Brother, I’m Dying

I’ve been unexpectedly drawn to memoir lately, and it would be hard to find one easier to recommend than this family history by Edwidge Danticat. Besides being full of memorable stories, it sort of (for me) revealed how such a thing might be done: as a series of vignettes, sequenced without rigid chronology, each with its own moral and purpose. Of these tales, her Uncle Joseph emerges as an heroic figure, with political and then religious zeal, courageous and loving, raising a number of children that aren’t strictly his, and (in one case) risking his life to rescue one from a precarious situation. When Edwidge is separated forever from her uncle to go join her parents in New York, it feels more like a rupture than a reunion. This generosity of spirit is similar to Jacqueline Woodson’s Brown Girl Dreaming. Both memoirists let other people take the starring roles in their stories.

The book also reminds me in many ways of The Brief Wondrous Life of Oscar Wao, the Junot Diaz novel that traces Dominican family history to the days of Rafael Trujillo, just as Danticat traces her family history in Haiti back to the days of François Duvalier –both are stories of tyranny and diaspora, following the same arcs from Hispañola to New York sprawl.

But just as Haiti occupies the opposite half of an island from the Dominican Republic, this is an opposite kind of book. Diaz’s book is brutal, the characters driven by lust and possessiveness more than love, the narrative delivered with a dark and dry humor that reminds me more of Philip Roth than other Latin American writers. Danticat’s is about family bonds, and the love that drives their stories is real and uncompromising, the stories told with fearless sentiment.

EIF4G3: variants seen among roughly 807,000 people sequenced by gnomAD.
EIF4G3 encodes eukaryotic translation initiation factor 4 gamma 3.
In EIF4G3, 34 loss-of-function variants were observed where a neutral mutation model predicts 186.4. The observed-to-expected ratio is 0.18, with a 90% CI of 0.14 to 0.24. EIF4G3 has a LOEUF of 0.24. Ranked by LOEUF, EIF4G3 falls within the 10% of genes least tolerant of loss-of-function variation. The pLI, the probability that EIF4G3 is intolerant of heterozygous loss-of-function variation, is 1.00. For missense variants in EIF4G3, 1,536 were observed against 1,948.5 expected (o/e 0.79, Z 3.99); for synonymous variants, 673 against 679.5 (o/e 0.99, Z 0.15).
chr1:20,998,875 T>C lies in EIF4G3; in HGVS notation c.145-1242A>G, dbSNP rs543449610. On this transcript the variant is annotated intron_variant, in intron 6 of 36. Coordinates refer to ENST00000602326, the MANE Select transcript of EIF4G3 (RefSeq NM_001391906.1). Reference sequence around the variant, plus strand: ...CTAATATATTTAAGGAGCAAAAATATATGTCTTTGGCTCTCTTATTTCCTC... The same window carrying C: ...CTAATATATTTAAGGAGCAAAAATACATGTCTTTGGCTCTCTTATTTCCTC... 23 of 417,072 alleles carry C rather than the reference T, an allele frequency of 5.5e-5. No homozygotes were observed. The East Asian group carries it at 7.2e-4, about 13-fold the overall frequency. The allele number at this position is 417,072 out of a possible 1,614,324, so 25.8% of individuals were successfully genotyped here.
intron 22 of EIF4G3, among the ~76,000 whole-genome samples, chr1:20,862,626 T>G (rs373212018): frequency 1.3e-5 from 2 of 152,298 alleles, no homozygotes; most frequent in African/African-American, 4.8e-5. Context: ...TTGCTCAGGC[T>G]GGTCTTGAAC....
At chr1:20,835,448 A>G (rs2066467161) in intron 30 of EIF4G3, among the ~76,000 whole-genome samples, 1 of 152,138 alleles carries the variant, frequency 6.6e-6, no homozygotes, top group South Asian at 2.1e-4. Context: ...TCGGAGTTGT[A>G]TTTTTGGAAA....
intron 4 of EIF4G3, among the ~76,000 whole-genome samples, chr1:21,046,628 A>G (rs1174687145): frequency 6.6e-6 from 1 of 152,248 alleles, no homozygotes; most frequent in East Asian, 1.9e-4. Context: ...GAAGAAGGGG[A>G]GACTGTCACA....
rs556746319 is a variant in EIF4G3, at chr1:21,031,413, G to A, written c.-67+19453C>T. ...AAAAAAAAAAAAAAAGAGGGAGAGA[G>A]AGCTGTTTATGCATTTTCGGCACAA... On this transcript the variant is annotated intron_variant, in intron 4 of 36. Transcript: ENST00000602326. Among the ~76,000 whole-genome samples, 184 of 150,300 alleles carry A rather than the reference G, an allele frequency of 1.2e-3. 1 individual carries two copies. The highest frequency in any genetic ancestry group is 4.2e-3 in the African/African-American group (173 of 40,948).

Is the difference here between fiction and memoir? Male and female writers? It’s easy to see such dichotomies. But I find in Danticat what I’ve been missing in a lot of masculine fiction: unashamed hope and generosity. At some time in literary history sentimentality fell out of favor, and cold brutality held up as a timeless aesthetic standard rather than a fad. Danticat works from a different standard, one where she hopes to inspire and give strength to her readers, rather than win the acclaim of critics. That she won that acclaim anyway is testament to her finely honed storytelling skills.

2 thoughts on “Brother, I’m Dying

  1. Thanks for the recommendation. I’m always on the lookout for a good memoir. Have you read Brian Copeland’s Not a Genuine Black Man? It’s been a few years since I read it but, if I’m remembering it right, it may give you some of what you say you’ve been missing from male memoirists.

    It hit me particularly hard, because Copeland and I are within a year of the same age, and we grew up less than 250 miles apart–yet our lives couldn’t have been more different. Made me extremely grateful again, for my childhood, but also reminded me to keep opening my eyes to what else goes on in the world.

    • I’ll keep that one in mind for the future! I don’t want to oversimplify this distinction I’ve made but I think it strikes me most in these two memoirs vs. the books I usually read, the relative egolessness. I find it very refreshing and an antidote to cynicism.

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